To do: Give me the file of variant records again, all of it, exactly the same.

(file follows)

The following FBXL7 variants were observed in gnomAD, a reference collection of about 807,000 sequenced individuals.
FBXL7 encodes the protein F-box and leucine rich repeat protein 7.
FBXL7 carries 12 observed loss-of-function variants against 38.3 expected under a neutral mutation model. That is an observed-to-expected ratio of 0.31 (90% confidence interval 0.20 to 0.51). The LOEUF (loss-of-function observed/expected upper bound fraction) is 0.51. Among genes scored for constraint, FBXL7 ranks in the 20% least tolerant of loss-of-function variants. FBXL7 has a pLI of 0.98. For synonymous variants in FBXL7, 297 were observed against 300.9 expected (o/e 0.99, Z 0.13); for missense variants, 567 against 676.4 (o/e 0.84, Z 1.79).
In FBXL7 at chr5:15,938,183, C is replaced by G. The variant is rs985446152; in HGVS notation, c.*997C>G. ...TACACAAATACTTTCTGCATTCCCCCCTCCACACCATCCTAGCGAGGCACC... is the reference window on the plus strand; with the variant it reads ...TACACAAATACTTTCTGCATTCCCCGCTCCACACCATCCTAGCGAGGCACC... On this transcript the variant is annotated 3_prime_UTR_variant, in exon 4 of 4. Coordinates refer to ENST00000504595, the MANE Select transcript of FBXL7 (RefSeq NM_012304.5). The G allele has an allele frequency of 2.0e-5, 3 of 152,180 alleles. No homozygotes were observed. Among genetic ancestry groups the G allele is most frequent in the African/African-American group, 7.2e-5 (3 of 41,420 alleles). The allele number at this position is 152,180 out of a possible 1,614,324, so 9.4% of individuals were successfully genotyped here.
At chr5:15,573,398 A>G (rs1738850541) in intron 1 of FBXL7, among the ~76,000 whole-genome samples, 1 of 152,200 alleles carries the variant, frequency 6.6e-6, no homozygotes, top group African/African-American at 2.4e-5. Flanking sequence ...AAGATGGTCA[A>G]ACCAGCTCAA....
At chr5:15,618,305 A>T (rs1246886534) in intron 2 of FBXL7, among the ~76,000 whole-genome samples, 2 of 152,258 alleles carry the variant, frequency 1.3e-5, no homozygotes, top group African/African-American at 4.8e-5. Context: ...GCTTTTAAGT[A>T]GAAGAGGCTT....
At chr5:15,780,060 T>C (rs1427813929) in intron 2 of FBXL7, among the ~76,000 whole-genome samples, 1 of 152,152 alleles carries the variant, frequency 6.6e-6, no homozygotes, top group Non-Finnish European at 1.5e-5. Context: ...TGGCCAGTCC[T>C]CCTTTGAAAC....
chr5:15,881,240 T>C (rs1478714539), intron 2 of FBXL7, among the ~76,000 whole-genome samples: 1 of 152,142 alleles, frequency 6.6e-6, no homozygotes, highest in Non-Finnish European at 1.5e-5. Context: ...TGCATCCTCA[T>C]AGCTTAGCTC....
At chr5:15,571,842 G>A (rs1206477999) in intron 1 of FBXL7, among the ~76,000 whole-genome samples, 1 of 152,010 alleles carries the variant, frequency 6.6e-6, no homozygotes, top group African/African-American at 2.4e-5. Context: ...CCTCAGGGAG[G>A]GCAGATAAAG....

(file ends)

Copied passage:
The following FBXL7 variants were observed in gnomAD, a reference collection of about 807,000 sequenced individuals.
FBXL7 encodes the protein F-box and leucine rich repeat protein 7.
FBXL7 carries 12 observed loss-of-function variants against 38.3 expected under a neutral mutation model. That is an observed-to-expected ratio of 0.31 (90% confidence interval 0.20 to 0.51). The LOEUF (loss-of-function observed/expected upper bound fraction) is 0.51. Among genes scored for constraint, FBXL7 ranks in the 20% least tolerant of loss-of-function variants. FBXL7 has a pLI of 0.98. For synonymous variants in FBXL7, 297 were observed against 300.9 expected (o/e 0.99, Z 0.13); for missense variants, 567 against 676.4 (o/e 0.84, Z 1.79).
In FBXL7 at chr5:15,938,183, C is replaced by G. The variant is rs985446152; in HGVS notation, c.*997C>G. ...TACACAAATACTTTCTGCATTCCCCCCTCCACACCATCCTAGCGAGGCACC... is the reference window on the plus strand; with the variant it reads ...TACACAAATACTTTCTGCATTCCCCGCTCCACACCATCCTAGCGAGGCACC... On this transcript the variant is annotated 3_prime_UTR_variant, in exon 4 of 4. Coordinates refer to ENST00000504595, the MANE Select transcript of FBXL7 (RefSeq NM_012304.5). The G allele has an allele frequency of 2.0e-5, 3 of 152,180 alleles. No homozygotes were observed. Among genetic ancestry groups the G allele is most frequent in the African/African-American group, 7.2e-5 (3 of 41,420 alleles). The allele number at this position is 152,180 out of a possible 1,614,324, so 9.4% of individuals were successfully genotyped here.
At chr5:15,573,398 A>G (rs1738850541) in intron 1 of FBXL7, among the ~76,000 whole-genome samples, 1 of 152,200 alleles carries the variant, frequency 6.6e-6, no homozygotes, top group African/African-American at 2.4e-5. Flanking sequence ...AAGATGGTCA[A>G]ACCAGCTCAA....
At chr5:15,618,305 A>T (rs1246886534) in intron 2 of FBXL7, among the ~76,000 whole-genome samples, 2 of 152,258 alleles carry the variant, frequency 1.3e-5, no homozygotes, top group African/African-American at 4.8e-5. Context: ...GCTTTTAAGT[A>T]GAAGAGGCTT....
At chr5:15,780,060 T>C (rs1427813929) in intron 2 of FBXL7, among the ~76,000 whole-genome samples, 1 of 152,152 alleles carries the variant, frequency 6.6e-6, no homozygotes, top group Non-Finnish European at 1.5e-5. Context: ...TGGCCAGTCC[T>C]CCTTTGAAAC....
chr5:15,881,240 T>C (rs1478714539), intron 2 of FBXL7, among the ~76,000 whole-genome samples: 1 of 152,142 alleles, frequency 6.6e-6, no homozygotes, highest in Non-Finnish European at 1.5e-5. Context: ...TGCATCCTCA[T>C]AGCTTAGCTC....
At chr5:15,571,842 G>A (rs1206477999) in intron 1 of FBXL7, among the ~76,000 whole-genome samples, 1 of 152,010 alleles carries the variant, frequency 6.6e-6, no homozygotes, top group African/African-American at 2.4e-5. Context: ...CCTCAGGGAG[G>A]GCAGATAAAG....